I’ve had a number of discussions with my ex over the last week or so which show that we are at least singing from  the same hymn sheet in respect of the values we want to instil in our  children even if we sometimes disagree over how best to achieve that.It’s good to know that we can put up a united front rather than fall into one of those awful situations where children with divorced parents learn to play one off against the other. That doesn’t mean the boys don’t ever try to do this, just that their dad and I seem to have a sixth sense about when we’re being played and can communicate enough to avoid falling into the trap. I think it probably helps having five children as there is very little that any single child can ever get away with since there is always at least one brother who will happily drop him in it. There have been many instances since our divorce when I have felt very isolated in dealing with the children but at least I have never really had to deal with their father blatantly overturning my parenting decisions.To be fair to him his lack of input into the boys’ lives probably has more to do with his faith in my abilities rather than a lack of concern. There have been many instances when I have felt alone but at least he is still part of the boys’ lives and hasn’t given up on them like many parents in similar situations. And even though he couldn’t for the life of him tell you which year of school they’re in, the names of their teachers or friends or current favourite foods, and will often forget their birthdays and other key events, he does love them and will always be there for them in some shape or form.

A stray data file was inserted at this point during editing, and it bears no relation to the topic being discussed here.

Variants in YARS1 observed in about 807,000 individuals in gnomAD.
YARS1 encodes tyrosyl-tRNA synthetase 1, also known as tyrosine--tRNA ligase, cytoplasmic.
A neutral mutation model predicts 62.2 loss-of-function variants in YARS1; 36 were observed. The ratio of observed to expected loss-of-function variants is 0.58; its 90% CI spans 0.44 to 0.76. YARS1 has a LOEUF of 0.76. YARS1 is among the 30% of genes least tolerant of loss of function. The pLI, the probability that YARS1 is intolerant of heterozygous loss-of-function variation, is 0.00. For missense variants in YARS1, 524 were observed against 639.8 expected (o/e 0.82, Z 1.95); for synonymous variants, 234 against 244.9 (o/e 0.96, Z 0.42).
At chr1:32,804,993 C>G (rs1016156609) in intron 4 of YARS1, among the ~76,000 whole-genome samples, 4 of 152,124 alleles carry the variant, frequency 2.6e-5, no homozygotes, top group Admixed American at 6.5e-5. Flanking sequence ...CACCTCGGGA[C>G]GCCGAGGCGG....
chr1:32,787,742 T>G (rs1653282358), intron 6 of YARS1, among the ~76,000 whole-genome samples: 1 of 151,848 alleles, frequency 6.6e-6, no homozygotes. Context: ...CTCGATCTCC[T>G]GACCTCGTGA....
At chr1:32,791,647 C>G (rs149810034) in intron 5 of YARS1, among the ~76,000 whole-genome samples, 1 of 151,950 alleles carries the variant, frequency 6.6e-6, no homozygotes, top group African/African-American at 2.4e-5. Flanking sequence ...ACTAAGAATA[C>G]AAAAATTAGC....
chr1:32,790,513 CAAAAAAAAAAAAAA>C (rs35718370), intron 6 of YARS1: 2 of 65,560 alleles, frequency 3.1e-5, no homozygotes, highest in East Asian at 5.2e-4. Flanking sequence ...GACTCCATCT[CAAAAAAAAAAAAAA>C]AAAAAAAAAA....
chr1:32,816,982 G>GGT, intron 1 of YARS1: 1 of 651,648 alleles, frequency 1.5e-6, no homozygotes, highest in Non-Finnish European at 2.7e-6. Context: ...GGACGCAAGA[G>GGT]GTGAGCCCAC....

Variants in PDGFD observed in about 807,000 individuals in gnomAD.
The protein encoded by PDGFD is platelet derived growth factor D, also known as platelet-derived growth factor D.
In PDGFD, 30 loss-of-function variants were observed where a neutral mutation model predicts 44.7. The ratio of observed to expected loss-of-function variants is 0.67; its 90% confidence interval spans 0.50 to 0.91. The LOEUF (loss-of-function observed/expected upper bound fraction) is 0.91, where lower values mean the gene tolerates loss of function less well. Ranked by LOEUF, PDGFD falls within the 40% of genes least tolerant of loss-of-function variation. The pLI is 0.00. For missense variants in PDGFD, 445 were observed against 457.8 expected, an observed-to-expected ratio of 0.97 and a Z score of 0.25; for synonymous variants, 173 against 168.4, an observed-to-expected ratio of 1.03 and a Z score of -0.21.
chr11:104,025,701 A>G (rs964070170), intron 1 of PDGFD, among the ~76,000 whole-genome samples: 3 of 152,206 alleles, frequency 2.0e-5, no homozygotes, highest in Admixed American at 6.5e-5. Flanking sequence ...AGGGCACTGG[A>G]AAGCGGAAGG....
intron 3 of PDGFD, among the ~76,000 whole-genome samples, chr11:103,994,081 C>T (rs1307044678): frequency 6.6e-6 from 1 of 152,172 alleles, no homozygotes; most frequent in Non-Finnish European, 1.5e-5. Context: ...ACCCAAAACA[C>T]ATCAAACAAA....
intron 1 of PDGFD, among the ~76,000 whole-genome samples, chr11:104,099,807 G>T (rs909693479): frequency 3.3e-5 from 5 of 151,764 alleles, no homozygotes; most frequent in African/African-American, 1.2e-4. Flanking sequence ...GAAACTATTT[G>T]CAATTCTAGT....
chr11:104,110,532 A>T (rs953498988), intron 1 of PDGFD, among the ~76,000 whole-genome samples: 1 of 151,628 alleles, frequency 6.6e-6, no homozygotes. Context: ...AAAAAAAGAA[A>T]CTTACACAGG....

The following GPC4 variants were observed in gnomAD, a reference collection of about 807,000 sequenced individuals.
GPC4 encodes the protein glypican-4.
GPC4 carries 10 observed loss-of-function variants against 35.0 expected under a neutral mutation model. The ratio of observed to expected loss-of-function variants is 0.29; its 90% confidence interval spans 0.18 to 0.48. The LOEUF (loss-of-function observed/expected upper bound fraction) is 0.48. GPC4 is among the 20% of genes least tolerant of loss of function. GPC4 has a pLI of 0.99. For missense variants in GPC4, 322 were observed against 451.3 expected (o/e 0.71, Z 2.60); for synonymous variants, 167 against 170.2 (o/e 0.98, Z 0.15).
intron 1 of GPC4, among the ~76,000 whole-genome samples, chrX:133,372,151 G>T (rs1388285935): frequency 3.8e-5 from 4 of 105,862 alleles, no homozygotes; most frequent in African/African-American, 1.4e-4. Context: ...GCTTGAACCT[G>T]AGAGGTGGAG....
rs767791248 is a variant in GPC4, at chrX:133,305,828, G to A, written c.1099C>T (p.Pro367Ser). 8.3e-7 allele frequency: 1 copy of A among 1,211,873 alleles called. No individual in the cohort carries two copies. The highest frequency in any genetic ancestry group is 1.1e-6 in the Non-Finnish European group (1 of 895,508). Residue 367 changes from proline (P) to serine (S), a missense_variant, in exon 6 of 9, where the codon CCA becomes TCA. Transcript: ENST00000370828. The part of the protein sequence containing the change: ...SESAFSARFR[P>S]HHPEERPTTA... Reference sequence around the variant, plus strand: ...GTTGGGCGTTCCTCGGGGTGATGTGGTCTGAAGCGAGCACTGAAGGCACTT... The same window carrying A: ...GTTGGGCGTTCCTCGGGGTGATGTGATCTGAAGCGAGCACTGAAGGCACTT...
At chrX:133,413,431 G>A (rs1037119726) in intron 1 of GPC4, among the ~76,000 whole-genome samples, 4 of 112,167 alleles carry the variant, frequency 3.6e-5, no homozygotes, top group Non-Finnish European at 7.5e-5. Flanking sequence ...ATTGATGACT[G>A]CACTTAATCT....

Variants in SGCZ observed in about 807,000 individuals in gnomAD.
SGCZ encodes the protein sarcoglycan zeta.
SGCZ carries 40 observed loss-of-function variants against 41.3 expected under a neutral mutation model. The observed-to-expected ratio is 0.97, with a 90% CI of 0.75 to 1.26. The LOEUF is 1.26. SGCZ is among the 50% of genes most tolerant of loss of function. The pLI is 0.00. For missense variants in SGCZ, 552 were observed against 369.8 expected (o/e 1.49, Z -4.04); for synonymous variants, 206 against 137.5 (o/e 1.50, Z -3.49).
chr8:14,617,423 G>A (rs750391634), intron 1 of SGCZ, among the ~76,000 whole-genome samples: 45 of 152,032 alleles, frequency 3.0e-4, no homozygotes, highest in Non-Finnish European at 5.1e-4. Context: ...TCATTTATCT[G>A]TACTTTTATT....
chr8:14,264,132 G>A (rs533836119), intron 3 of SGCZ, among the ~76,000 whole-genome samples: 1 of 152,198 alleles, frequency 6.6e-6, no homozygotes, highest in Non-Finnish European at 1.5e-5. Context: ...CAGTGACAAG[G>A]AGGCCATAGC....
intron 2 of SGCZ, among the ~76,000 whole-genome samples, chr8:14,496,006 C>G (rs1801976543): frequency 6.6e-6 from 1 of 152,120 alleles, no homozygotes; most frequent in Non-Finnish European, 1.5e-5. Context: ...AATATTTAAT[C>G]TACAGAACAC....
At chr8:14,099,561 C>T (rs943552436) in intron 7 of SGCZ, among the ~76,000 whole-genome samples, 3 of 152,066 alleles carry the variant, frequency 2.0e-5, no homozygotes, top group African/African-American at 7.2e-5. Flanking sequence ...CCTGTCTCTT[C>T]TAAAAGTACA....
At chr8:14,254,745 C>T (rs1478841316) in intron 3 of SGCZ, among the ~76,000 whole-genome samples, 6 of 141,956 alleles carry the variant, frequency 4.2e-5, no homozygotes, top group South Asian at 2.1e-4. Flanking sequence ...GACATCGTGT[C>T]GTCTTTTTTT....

Bringing up children alone is hard work. I have a multitude of roles to fulfil and the bottom line is if I don’t do it then it won’t get done. There are times when I feel like I have so many demands on my time I just don’t know which way to turn and I can end up feeling like a dog chasing its tail, in perpetual motion but getting nowhere. Life with children involves constant change; just as you get on top of one phase you enter new uncharted territory. And life has a habit of throwing a few curve balls in along the way so the best laid plans tend to go awry. Some days feel like one big series of decisions and the only thing I desire is to have one decision, no matter how insignificant, taken out of my hands. As children become older the decisions become more complicated as they start to involve alcohol, sex, partying etc. It becomes difficult to make those decisions in isolation particularly if you, the lone parent, had a particularly strict or particularly relaxed teen-hood. It’s equally difficult to involve the absent parent who may have little contact with other children of the same age or with other parents of teenagers. I am very glad that my children know that it is up to me to make those decisions and there is no use going whining to their dad if they don’t like it. This certainly isn’t the case with many divorced parents I know or, for that matter, in many families where the parents are still together. Rather than backing each other up each parent seems to vie for the position of cool parent and will suddenly change the rules to achieve this. My boys’ dad often doesn’t know the current rules but, apart from  a few occasions when he has made totally the wrong decision (a quick text or phone call might have been a good idea!),will normally be sensible enough to ask at least two of the boys, ensuring of course that neither has had the chance to confer beforehand and that any decision would not benefit them in the slightest.